Monthly vaccine uptake was calculated as the number of pregnant women vaccinated during the month divided by the number of women with ongoing pregnancies at the start of the month of interest. Coverage of vaccination at delivery was calculated as the proportion of women who, at the time of giving birth, have been vaccinated, whether vaccination was before or during pregnancy. Uptake in the general female population of reproductive age (18−44 years) was calculated as the number of women 18−44 years of age vaccinated during the month divided by the total number of women 18−44 years of age. Coverage in the general female population of reproductive age (18−44 years) was calculated as the cumulative number of women 18−44 years of age vaccinated by the end of each month divided by the total number of women 18−44 years of age. The numbers of women 18−44 years were derived from 2020 mid-year population estimates26. Although pregnant women 11−55 years of age were included in the COPS cohort, the comparator group was restricted to women 18−44 years. This is the Public Health Scotland standard definition of women of reproductive age and helps avoid bias in comparisons that could result from very low numbers of pregnancies at the extremes of reproductive age.
Hospital and critical care admission data
National hospital discharge records were linked to pregnancy SARS-CoV-2 RT−PCR testing data to identify women who were admitted to the hospital around the time of infection. Admissions to general acute units (SMR 01) and maternity units (SMR 02) were included. SARS-CoV-2 infection was defined as associated with a hospital admission if the woman was admitted to hospital ≤14 d after the date of onset of COVID-19 or if the date of onset occurred at any point during hospital admission (as per Public Health Scotland standard definition). National critical care discharge records from the Scottish Intensive Care Society Audit Group were used to identify women who were admitted to critical care. Completed admissions to all intensive care units and general (non-obstetric) high-dependency units across Scotland were included. Completed admissions to the seven obstetric high-dependency units that contribute data to the Scottish Intensive Care Society Audit Group (collectively covering around 60% of deliveries in Scotland) were also included. SARS-CoV-2 infection was defined as associated with a critical care admission if the woman was admitted to critical care ≤21 d after the date of onset of COVID-19 or if the date of onset occurred at any point during a critical care admission (as per Public Health Scotland standard definition).
Comparator data from the general population of women of reproductive age (taken as 18−44 years for these analyses) were obtained from Public Health Scotland Open data with mid-year population estimate denominators (2020)26.
Data quality and completeness
The national Scottish data used within this study undergo regular assessment and quality assurance with a high level of completeness and accuracy32,33. The CHI number was used to link the SARS-CoV-2 PCR testing data and COVID-19 vaccination records to the pregnancy records. Quality of linkage was assured by the testing, vaccination, and pregnancy records including complete and accurate information on individuals’ CHI numbers, as confirmed in the Results section.
Further information on research design is available in the Nature Research Reporting Summary linked to this article.
Data files of infections among pregnant women and the general population and vaccinations delivered to pregnant women and the general population are available at https://www.opendata.nhs.scot/organization/health_protection. Other personal data underlying this article cannot be shared publicly as they are sensitive. Public Health Scotland and the Chief Medical Officer for Scotland are the data holders for the data used in this study. Data are available to researchers for analysis after securing relevant permissions from the data holders. Inquiries regarding data availability should be directed to [email protected]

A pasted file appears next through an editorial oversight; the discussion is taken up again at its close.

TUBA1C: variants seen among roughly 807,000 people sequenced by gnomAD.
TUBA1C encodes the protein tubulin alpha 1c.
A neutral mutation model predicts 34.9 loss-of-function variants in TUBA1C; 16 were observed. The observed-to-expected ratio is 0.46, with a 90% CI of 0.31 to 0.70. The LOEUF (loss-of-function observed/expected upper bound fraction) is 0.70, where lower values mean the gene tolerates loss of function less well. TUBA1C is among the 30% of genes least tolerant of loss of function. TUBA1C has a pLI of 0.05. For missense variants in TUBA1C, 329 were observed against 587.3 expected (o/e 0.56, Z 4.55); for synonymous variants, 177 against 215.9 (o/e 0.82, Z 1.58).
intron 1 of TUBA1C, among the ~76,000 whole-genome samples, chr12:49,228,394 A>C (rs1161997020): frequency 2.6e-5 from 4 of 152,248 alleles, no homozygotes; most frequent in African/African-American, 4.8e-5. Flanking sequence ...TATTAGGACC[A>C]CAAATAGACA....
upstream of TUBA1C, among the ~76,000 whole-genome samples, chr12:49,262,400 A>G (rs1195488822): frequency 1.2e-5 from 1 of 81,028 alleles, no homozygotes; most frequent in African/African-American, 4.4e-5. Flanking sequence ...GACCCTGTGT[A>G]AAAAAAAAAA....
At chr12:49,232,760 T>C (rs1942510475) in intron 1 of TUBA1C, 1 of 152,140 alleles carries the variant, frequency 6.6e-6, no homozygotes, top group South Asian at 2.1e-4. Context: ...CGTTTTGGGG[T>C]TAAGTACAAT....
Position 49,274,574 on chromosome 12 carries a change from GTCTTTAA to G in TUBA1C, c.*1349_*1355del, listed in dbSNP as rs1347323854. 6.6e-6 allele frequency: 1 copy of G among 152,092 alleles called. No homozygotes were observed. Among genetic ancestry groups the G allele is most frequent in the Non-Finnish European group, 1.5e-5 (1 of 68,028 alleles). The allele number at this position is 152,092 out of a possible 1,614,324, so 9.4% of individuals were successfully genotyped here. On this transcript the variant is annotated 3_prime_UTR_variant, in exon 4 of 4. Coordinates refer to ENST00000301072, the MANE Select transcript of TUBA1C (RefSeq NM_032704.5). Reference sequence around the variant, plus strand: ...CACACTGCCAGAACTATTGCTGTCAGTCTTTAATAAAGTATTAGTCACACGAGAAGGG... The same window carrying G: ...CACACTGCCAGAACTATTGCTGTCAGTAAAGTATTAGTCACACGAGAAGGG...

Metadata and code are available at https://github.com/Public-Health-Scotland/COPS-public.
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We thank the EAVE II Patient Advisory Group and Sands charity for their support. COPS is a sub-study of EAVE II, which is funded by the Medical Research Council (MR/R008345/1) with the support of BREATHE, the Health Data Research Hub for Respiratory Health (MC_PC_19004; A.S.), which is funded through the UK Research and Innovation Industrial Strategy Challenge Fund and delivered through Health Data Research UK. Additional support has been provided through Public Health Scotland and Scottish Government DG Health and Social Care and the Data and Connectivity National Core Study, led by Health Data Research UK in partnership with the Office for National Statistics and funded by UK Research and Innovation. COPS has received additional funding from Tommy’s charity and support from Sands charity. S.J.S. is funded by a Wellcome Trust Clinical Career Development Fellowship (209560/Z/17/Z). S.V.K. acknowledges funding from an NRS Senior Clinical Fellowship (SCAF/15/02), the Medical Research Council (MC_UU_00022/2) and the Scottish Government Chief Scientist Office (SPHSU17). The funders had no role in the writing of the manuscript or the decision to submit it for publication. B.A. was supported by the European Union’s Horizon 2020 research and innovation program under the Marie Skłodowska-Curie grant agreement No. 813546, the Baily Thomas Charitable Fund TRUST/VC/AC/SG/469207686, the Data-Driven Innovation and the UK Economic and Social Research Council (ES/W001519/1) during the course of this work.
A.S. and C.R. are members of the Scottish Government’s COVID-19 Advisory Group. A.S. and C.R. are members of the New and Emerging Respiratory Virus Threats Advisory Group risk stratification subgroup. C.R. is a member of the Scientific Pandemic Influenza Group on Modeling. A.S. is a member of AstraZeneca’s Thrombotic Thrombocytopenic Advisory Group. All roles are unremunerated. R.W. and C.R. are employed by Public Health Scotland. S.J.S. has received research grants paid to the institution from Wellcome Trust, Scottish Chief Scientist Office, National Institute of Healthcare Research and Tommy’s during the course of this study. The remaining authors declare no competing interests.
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Stock, S.J., Carruthers, J., Calvert, C. et al. SARS-CoV-2 infection and COVID-19 vaccination rates in pregnant women in Scotland. Nat Med (2022). https://doi.org/10.1038/s41591-021-01666-2
- Viral infection